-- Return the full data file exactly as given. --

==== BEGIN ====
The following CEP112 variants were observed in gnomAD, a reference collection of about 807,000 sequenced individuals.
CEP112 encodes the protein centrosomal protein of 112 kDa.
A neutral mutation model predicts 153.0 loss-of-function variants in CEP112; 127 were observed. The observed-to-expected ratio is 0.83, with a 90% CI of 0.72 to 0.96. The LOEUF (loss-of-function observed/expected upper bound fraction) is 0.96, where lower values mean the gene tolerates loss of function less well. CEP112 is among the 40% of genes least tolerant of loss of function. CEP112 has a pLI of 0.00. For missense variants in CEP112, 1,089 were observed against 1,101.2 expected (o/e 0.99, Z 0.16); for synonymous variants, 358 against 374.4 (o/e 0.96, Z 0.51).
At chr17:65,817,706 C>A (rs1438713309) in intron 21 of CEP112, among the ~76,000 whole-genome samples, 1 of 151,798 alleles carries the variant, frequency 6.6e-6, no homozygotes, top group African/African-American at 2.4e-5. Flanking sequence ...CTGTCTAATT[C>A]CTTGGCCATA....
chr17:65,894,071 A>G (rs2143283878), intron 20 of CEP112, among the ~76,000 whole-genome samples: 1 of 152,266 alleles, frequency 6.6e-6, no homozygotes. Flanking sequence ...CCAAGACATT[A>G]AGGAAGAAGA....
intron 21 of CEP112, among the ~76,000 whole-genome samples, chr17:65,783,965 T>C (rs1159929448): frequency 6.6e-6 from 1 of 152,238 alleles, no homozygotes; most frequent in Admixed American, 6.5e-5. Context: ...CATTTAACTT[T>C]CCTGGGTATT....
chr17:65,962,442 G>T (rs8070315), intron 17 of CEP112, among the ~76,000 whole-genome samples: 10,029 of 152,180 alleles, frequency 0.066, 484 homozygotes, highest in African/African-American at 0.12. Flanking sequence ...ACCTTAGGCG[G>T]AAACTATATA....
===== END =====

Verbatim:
The following CEP112 variants were observed in gnomAD, a reference collection of about 807,000 sequenced individuals.
CEP112 encodes the protein centrosomal protein of 112 kDa.
A neutral mutation model predicts 153.0 loss-of-function variants in CEP112; 127 were observed. The observed-to-expected ratio is 0.83, with a 90% CI of 0.72 to 0.96. The LOEUF (loss-of-function observed/expected upper bound fraction) is 0.96, where lower values mean the gene tolerates loss of function less well. CEP112 is among the 40% of genes least tolerant of loss of function. CEP112 has a pLI of 0.00. For missense variants in CEP112, 1,089 were observed against 1,101.2 expected (o/e 0.99, Z 0.16); for synonymous variants, 358 against 374.4 (o/e 0.96, Z 0.51).
At chr17:65,817,706 C>A (rs1438713309) in intron 21 of CEP112, among the ~76,000 whole-genome samples, 1 of 151,798 alleles carries the variant, frequency 6.6e-6, no homozygotes, top group African/African-American at 2.4e-5. Flanking sequence ...CTGTCTAATT[C>A]CTTGGCCATA....
chr17:65,894,071 A>G (rs2143283878), intron 20 of CEP112, among the ~76,000 whole-genome samples: 1 of 152,266 alleles, frequency 6.6e-6, no homozygotes. Flanking sequence ...CCAAGACATT[A>G]AGGAAGAAGA....
intron 21 of CEP112, among the ~76,000 whole-genome samples, chr17:65,783,965 T>C (rs1159929448): frequency 6.6e-6 from 1 of 152,238 alleles, no homozygotes; most frequent in Admixed American, 6.5e-5. Context: ...CATTTAACTT[T>C]CCTGGGTATT....
chr17:65,962,442 G>T (rs8070315), intron 17 of CEP112, among the ~76,000 whole-genome samples: 10,029 of 152,180 alleles, frequency 0.066, 484 homozygotes, highest in African/African-American at 0.12. Flanking sequence ...ACCTTAGGCG[G>T]AAACTATATA....